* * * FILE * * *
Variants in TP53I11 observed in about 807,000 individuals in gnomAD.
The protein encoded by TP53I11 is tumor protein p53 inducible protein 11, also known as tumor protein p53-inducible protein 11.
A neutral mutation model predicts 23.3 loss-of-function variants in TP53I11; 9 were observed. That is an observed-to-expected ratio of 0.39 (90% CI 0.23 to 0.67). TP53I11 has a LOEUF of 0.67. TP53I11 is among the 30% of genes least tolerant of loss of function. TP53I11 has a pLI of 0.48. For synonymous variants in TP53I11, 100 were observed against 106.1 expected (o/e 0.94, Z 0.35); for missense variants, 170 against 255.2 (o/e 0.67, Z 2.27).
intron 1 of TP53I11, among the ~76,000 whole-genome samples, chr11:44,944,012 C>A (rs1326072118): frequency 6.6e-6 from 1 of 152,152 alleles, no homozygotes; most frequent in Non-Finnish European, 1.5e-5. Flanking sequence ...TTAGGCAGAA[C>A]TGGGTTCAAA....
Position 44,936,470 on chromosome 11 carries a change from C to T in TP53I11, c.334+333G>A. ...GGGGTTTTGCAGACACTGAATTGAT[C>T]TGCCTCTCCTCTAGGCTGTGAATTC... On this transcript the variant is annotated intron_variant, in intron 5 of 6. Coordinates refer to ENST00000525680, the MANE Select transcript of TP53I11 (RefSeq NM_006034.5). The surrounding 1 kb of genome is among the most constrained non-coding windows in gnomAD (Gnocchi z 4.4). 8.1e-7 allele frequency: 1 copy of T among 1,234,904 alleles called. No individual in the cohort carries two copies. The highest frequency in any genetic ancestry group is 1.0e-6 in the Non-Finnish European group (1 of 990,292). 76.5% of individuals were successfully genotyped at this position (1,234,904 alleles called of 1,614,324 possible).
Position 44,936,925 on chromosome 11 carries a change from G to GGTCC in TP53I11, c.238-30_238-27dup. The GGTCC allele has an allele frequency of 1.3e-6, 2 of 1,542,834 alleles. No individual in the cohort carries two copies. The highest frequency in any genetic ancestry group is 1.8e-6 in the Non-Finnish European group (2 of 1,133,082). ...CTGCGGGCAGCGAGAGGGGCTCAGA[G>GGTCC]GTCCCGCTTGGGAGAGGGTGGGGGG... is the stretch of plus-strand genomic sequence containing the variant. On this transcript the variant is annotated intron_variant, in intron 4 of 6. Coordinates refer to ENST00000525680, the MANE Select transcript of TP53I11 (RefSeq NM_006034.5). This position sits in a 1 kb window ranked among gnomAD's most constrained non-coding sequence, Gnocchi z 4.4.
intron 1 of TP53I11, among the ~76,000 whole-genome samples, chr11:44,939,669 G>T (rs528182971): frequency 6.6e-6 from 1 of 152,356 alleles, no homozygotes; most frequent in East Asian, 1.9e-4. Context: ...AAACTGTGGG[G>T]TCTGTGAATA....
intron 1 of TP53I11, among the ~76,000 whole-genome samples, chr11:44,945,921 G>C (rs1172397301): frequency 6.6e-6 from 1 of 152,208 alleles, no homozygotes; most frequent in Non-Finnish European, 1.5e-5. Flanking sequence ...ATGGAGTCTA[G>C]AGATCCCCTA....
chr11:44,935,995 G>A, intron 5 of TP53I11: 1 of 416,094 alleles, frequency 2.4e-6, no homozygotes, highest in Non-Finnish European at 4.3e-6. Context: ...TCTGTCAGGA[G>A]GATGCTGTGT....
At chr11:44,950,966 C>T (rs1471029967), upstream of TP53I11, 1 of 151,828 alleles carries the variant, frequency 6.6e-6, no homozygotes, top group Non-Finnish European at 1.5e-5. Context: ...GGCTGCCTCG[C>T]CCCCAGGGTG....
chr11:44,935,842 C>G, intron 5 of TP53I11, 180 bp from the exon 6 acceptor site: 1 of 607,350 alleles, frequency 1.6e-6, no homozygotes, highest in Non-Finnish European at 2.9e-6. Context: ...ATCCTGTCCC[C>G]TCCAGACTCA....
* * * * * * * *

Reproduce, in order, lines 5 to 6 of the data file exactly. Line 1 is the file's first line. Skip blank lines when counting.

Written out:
Position 44,936,470 on chromosome 11 carries a change from C to T in TP53I11, c.334+333G>A. ...GGGGTTTTGCAGACACTGAATTGAT[C>T]TGCCTCTCCTCTAGGCTGTGAATTC... On this transcript the variant is annotated intron_variant, in intron 5 of 6. Coordinates refer to ENST00000525680, the MANE Select transcript of TP53I11 (RefSeq NM_006034.5). The surrounding 1 kb of genome is among the most constrained non-coding windows in gnomAD (Gnocchi z 4.4). 8.1e-7 allele frequency: 1 copy of T among 1,234,904 alleles called. No individual in the cohort carries two copies. The highest frequency in any genetic ancestry group is 1.0e-6 in the Non-Finnish European group (1 of 990,292). 76.5% of individuals were successfully genotyped at this position (1,234,904 alleles called of 1,614,324 possible).
Position 44,936,925 on chromosome 11 carries a change from G to GGTCC in TP53I11, c.238-30_238-27dup. The GGTCC allele has an allele frequency of 1.3e-6, 2 of 1,542,834 alleles. No individual in the cohort carries two copies. The highest frequency in any genetic ancestry group is 1.8e-6 in the Non-Finnish European group (2 of 1,133,082). ...CTGCGGGCAGCGAGAGGGGCTCAGA[G>GGTCC]GTCCCGCTTGGGAGAGGGTGGGGGG... is the stretch of plus-strand genomic sequence containing the variant. On this transcript the variant is annotated intron_variant, in intron 4 of 6. Coordinates refer to ENST00000525680, the MANE Select transcript of TP53I11 (RefSeq NM_006034.5). This position sits in a 1 kb window ranked among gnomAD's most constrained non-coding sequence, Gnocchi z 4.4.